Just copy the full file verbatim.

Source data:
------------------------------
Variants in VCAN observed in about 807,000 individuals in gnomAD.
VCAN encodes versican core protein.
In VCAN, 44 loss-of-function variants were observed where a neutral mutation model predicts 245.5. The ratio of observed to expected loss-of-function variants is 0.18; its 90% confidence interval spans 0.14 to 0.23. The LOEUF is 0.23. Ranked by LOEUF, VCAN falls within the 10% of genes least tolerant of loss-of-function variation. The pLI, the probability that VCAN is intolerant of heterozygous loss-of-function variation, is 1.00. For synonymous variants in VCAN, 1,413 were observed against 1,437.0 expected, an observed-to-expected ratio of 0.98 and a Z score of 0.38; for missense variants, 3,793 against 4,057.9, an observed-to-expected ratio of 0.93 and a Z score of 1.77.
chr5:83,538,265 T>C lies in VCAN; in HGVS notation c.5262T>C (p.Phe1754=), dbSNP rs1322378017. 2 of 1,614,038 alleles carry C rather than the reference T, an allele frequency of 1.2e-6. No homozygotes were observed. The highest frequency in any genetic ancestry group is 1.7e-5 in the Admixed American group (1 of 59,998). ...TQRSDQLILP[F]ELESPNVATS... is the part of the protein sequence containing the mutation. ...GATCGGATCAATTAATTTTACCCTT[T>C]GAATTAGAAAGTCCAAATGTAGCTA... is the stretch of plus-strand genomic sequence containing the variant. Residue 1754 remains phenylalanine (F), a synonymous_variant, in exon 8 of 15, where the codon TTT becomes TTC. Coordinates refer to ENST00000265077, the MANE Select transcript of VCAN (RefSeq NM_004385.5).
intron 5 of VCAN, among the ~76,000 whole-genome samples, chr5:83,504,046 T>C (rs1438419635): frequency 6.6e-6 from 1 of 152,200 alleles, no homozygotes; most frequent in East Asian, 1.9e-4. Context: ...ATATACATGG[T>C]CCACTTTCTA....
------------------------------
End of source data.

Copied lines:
Variants in VCAN observed in about 807,000 individuals in gnomAD.
VCAN encodes versican core protein.
In VCAN, 44 loss-of-function variants were observed where a neutral mutation model predicts 245.5. The ratio of observed to expected loss-of-function variants is 0.18; its 90% confidence interval spans 0.14 to 0.23. The LOEUF is 0.23. Ranked by LOEUF, VCAN falls within the 10% of genes least tolerant of loss-of-function variation. The pLI, the probability that VCAN is intolerant of heterozygous loss-of-function variation, is 1.00. For synonymous variants in VCAN, 1,413 were observed against 1,437.0 expected, an observed-to-expected ratio of 0.98 and a Z score of 0.38; for missense variants, 3,793 against 4,057.9, an observed-to-expected ratio of 0.93 and a Z score of 1.77.
chr5:83,538,265 T>C lies in VCAN; in HGVS notation c.5262T>C (p.Phe1754=), dbSNP rs1322378017. 2 of 1,614,038 alleles carry C rather than the reference T, an allele frequency of 1.2e-6. No homozygotes were observed. The highest frequency in any genetic ancestry group is 1.7e-5 in the Admixed American group (1 of 59,998). ...TQRSDQLILP[F]ELESPNVATS... is the part of the protein sequence containing the mutation. ...GATCGGATCAATTAATTTTACCCTT[T>C]GAATTAGAAAGTCCAAATGTAGCTA... is the stretch of plus-strand genomic sequence containing the variant. Residue 1754 remains phenylalanine (F), a synonymous_variant, in exon 8 of 15, where the codon TTT becomes TTC. Coordinates refer to ENST00000265077, the MANE Select transcript of VCAN (RefSeq NM_004385.5).
intron 5 of VCAN, among the ~76,000 whole-genome samples, chr5:83,504,046 T>C (rs1438419635): frequency 6.6e-6 from 1 of 152,200 alleles, no homozygotes; most frequent in East Asian, 1.9e-4. Context: ...ATATACATGG[T>C]CCACTTTCTA....